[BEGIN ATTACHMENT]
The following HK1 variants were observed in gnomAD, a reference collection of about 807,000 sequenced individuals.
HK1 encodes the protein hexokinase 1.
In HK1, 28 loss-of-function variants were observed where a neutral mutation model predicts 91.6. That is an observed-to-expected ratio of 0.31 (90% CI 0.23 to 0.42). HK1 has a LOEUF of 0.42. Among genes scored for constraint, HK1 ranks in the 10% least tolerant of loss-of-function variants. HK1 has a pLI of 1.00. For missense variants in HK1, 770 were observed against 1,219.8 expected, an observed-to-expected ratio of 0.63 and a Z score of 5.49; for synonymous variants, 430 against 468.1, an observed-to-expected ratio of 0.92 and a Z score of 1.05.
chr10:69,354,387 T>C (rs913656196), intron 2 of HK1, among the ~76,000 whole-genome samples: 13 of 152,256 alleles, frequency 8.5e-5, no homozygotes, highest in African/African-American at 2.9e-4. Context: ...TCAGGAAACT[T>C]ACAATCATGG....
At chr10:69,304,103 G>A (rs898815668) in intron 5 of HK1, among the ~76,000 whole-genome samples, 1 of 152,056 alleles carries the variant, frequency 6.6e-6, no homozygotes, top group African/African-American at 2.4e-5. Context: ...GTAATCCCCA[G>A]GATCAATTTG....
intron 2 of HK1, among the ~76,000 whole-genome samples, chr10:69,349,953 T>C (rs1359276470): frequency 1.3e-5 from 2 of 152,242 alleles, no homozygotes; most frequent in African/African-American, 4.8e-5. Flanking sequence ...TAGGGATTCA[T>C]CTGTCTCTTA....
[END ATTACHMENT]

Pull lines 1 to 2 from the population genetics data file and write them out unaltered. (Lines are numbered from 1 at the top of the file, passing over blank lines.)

The following HK1 variants were observed in gnomAD, a reference collection of about 807,000 sequenced individuals.
HK1 encodes the protein hexokinase 1.